This election gives all citizens, regardless of wealth, a fair shot to be heard and participate in every step of the democratic process
The question facing voters is whether to amend the constitution to recognize Australias indigenous peoples by introducing voting rights for Aboriginal and Torres Strait Islander people.
The Australian Parliament has agreed to propose the addition of a new chapter, Chapter IX - Recognition of Aboriginal and Torres Strait Islander peoples, to the Constitution. The chapter will contain a new section 129, which will read as follows:
129 Aboriginal and Torres Strait Islander Voice
Recognizing Aboriginal and Torres Strait Islander Peoples as the First Peoples of Australia:
There must be a body called the Aboriginal and Torres Strait Islander Voice;
Aboriginal and Torres Strait Islander Voice may submit proposals to Parliament and the Commonwealth Executive Government on matters relating to Aboriginal and Torres Strait Islander peoples;
Parliament shall have the power, subject to this Constitution, to make laws in relation to matters relating to the Aboriginal and Torres Strait Islander voice, including its composition, functions, powers and procedures.
If you receive a ballot for a referendum, you must write "yes" if you agree with this proposed change to the Constitution, or you must write "no" if you disagree. - Posted on : 09-September-2023
“People were let off the leash,” says Thomas Mayo quietly, swiping through screenshots.
Racist memes appear on his phone depicting Aboriginal Australians as “gribbers,” “wife beaters,” and “primitives.”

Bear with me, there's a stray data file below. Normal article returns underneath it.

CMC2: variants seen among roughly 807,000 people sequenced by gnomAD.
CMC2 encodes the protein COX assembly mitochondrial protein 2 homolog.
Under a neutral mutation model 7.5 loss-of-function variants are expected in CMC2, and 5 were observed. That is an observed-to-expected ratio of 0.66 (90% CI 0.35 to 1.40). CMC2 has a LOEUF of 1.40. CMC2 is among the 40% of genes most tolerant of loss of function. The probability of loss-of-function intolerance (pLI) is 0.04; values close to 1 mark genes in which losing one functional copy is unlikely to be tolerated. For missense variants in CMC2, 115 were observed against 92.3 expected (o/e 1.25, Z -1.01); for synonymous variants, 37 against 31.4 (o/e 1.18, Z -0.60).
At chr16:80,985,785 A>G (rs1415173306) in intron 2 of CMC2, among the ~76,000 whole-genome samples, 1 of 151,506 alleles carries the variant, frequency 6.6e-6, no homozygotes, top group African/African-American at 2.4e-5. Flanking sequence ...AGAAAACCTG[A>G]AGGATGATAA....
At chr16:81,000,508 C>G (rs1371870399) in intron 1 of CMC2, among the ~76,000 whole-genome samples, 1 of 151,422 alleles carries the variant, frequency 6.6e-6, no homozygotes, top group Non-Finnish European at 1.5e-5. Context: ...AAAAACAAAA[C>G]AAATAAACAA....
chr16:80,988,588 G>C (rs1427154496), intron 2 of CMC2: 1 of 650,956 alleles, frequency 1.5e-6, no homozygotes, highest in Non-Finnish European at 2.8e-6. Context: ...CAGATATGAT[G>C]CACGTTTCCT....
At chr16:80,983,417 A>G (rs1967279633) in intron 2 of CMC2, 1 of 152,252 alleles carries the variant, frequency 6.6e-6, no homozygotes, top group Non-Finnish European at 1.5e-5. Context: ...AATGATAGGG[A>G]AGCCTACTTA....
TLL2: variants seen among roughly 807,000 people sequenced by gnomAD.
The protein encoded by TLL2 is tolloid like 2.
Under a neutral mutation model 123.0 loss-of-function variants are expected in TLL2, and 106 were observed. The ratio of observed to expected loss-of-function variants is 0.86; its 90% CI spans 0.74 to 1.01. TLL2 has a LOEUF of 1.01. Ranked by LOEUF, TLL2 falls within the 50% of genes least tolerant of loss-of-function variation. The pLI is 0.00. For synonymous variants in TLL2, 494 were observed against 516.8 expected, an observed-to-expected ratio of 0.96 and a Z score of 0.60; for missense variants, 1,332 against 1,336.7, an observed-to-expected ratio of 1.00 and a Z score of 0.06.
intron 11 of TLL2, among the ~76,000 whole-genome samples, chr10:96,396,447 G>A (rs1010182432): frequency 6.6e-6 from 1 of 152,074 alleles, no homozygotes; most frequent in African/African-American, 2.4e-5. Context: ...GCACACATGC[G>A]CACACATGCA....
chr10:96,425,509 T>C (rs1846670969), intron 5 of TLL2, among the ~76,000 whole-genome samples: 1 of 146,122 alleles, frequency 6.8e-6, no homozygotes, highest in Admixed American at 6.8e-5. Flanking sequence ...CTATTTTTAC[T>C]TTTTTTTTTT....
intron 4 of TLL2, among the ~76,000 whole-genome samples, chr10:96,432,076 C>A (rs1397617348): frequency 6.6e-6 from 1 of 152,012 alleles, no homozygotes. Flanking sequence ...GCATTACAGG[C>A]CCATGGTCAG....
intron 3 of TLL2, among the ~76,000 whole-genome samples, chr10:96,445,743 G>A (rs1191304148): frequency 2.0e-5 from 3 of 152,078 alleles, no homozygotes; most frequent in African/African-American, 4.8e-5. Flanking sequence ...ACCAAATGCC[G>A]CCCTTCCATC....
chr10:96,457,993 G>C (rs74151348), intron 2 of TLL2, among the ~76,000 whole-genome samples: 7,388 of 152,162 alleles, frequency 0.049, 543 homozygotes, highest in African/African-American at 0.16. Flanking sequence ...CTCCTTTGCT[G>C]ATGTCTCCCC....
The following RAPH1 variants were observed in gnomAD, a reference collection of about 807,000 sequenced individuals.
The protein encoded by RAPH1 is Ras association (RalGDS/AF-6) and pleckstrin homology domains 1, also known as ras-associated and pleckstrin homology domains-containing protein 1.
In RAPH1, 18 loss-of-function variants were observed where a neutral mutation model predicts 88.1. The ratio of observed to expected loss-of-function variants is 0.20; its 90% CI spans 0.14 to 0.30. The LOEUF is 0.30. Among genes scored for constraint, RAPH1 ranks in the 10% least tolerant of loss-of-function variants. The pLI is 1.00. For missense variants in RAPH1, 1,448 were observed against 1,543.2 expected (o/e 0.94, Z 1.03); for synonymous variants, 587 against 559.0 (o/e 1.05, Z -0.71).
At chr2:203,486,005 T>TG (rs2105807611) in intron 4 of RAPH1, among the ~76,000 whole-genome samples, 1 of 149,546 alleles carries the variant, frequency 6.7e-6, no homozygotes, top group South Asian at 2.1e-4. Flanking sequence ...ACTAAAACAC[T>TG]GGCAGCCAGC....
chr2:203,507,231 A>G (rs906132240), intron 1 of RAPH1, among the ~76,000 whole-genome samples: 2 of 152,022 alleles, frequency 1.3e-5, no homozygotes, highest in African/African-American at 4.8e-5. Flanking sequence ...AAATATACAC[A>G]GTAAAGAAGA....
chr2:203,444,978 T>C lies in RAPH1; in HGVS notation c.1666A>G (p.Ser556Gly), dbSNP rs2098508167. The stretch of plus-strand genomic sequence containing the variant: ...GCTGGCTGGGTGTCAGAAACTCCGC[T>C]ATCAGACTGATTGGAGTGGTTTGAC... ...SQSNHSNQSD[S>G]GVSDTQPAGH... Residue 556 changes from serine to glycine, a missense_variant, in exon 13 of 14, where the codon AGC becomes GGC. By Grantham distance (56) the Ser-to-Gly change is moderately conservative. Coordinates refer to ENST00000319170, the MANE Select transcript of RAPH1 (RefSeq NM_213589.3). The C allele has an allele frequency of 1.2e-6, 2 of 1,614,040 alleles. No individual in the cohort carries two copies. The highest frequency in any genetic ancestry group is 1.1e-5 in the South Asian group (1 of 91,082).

Then personal threats appear, accusing him of “covering up for evil.”
Mayo is one of the public faces of the Yes campaign in Australias historic parliamentary referendum vote on October 14.
If successful, the vote would change the countrys constitution for the first time in 46 years and create a body for Aboriginal and Torres Strait Islander people to advise the government on policy issues affecting their communities.
Opinion polls had long shown support for the change, but now they suggest the no vote is ahead.
Although some claim the shift reflects public sentiment, yes activists blame it on an ecosystem of disinformation - which they say is led by people in the no camp and "amplified" by suspicious reports on social media.
Independent experts say the “most damaging” and widespread falsehoods online relate to race “like wildfire.”
Amid all the noise is growing concern for the mental health of First Nations communities, which is at the center of an increasingly contentious debate.
And questions are being raised again about whether Australia is ready to deal with the open wounds at the heart of its nation. - Posted on : 07-September-2023
On referendum day, Australian adults will be asked to vote “yes” or “no” on a single question: “A Bill: Amending the Constitution to recognize the indigenous peoples of Australia by introducing an Aboriginal and Torres Strait Islander vote. “Do you approve this proposed change?”
If the answer is yes, the Constitution would be rewritten to allow the Voice to make “representations” to Parliament and the Executive Government “on matters relating to Aboriginal and Torres Strait Islander peoples”.
Advocates say there is no indigenous veto over government policy and lawmakers are free to ignore Voices representations.
But opponents argue that courts could interpret Voices constitutional powers in unpredictable ways, creating legal uncertainty.
Supporters say the vote will include Indigenous Australians from all eight states and territories, the Torres Strait Islands and remote and regional communities.